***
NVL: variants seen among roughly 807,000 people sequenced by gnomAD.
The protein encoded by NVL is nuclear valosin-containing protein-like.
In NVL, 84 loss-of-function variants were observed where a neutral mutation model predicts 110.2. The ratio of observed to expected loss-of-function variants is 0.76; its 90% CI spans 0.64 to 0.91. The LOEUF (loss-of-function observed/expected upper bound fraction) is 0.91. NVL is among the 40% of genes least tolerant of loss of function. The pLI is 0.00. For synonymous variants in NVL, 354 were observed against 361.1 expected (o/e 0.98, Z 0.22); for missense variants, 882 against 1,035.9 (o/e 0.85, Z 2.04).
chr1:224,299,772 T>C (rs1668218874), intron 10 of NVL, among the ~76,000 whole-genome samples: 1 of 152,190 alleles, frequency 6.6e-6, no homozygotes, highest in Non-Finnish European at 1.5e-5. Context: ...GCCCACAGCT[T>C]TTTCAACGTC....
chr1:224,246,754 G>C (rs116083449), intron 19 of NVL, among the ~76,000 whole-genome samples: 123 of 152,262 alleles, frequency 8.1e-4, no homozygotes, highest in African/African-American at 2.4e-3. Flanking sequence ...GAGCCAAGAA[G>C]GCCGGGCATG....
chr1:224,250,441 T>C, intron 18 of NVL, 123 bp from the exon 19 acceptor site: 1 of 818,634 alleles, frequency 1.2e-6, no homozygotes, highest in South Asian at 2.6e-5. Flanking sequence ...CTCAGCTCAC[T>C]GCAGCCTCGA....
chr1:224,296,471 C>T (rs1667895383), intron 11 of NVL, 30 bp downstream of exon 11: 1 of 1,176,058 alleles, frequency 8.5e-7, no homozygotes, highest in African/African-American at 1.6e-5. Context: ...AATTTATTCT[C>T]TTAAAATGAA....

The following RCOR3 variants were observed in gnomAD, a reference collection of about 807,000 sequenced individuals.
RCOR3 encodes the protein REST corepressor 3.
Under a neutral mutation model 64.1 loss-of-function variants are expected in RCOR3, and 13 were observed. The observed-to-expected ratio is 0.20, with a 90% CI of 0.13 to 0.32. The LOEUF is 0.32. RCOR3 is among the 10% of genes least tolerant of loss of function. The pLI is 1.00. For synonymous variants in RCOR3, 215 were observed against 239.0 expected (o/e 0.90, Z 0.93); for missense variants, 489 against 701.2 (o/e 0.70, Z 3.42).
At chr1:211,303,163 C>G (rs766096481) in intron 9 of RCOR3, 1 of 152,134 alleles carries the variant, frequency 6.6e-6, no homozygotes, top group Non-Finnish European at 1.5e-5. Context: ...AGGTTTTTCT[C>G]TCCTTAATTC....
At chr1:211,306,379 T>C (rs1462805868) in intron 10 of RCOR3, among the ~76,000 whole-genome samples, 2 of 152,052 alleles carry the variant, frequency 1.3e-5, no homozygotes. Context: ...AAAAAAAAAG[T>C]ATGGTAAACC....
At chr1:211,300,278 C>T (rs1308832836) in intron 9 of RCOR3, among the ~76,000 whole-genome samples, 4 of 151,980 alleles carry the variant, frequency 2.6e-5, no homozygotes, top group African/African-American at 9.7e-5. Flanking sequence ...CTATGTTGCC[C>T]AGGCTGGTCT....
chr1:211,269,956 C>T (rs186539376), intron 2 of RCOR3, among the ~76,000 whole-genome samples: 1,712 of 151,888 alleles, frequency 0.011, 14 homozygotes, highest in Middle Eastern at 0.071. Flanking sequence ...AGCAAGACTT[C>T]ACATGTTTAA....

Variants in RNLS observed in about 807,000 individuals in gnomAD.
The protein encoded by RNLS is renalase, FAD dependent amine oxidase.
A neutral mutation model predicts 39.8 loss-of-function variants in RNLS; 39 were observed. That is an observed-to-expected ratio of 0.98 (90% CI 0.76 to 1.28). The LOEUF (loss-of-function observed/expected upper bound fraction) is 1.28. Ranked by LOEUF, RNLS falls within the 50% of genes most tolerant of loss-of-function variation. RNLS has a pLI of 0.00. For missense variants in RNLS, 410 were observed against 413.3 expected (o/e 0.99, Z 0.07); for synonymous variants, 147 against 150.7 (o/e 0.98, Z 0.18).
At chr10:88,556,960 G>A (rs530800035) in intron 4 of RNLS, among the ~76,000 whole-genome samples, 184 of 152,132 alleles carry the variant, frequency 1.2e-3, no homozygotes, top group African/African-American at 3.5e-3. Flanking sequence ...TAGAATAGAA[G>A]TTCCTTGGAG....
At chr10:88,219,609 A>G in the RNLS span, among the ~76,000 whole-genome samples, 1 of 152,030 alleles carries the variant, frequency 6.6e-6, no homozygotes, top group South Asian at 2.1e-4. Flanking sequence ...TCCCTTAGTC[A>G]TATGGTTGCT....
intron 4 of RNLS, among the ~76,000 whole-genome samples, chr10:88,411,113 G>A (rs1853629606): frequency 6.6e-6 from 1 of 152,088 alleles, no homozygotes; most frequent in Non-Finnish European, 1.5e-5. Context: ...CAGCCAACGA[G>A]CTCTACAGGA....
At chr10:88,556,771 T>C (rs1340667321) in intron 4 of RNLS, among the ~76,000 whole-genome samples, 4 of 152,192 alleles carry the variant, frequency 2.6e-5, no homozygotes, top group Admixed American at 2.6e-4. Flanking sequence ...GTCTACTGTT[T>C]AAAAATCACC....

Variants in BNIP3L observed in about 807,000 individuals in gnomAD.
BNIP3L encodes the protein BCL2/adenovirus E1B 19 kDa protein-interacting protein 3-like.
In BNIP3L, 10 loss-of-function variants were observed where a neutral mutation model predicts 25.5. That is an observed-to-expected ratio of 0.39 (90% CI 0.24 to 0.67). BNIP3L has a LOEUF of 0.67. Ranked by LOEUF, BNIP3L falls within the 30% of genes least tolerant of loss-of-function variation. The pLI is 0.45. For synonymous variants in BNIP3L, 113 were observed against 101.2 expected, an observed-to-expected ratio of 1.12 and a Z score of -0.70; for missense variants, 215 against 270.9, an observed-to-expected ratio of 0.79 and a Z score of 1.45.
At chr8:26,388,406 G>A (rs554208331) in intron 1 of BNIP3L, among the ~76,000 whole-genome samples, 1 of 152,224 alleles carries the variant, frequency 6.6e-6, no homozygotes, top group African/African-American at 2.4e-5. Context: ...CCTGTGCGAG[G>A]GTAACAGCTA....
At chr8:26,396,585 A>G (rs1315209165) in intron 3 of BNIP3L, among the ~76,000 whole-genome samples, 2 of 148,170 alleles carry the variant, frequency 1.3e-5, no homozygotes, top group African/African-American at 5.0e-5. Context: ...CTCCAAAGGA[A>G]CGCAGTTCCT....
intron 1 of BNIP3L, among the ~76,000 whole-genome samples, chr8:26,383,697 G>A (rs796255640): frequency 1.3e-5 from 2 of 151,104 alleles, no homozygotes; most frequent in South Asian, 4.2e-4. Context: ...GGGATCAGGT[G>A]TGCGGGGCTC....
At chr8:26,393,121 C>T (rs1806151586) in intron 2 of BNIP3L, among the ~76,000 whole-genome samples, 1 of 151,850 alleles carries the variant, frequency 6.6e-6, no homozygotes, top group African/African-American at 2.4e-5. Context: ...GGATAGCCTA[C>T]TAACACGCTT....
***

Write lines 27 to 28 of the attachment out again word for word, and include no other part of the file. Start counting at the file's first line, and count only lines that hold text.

intron 1 of BNIP3L, among the ~76,000 whole-genome samples, chr8:26,383,697 G>A (rs796255640): frequency 1.3e-5 from 2 of 151,104 alleles, no homozygotes; most frequent in South Asian, 4.2e-4. Context: ...GGGATCAGGT[G>A]TGCGGGGCTC....
At chr8:26,393,121 C>T (rs1806151586) in intron 2 of BNIP3L, among the ~76,000 whole-genome samples, 1 of 151,850 alleles carries the variant, frequency 6.6e-6, no homozygotes, top group African/African-American at 2.4e-5. Context: ...GGATAGCCTA[C>T]TAACACGCTT....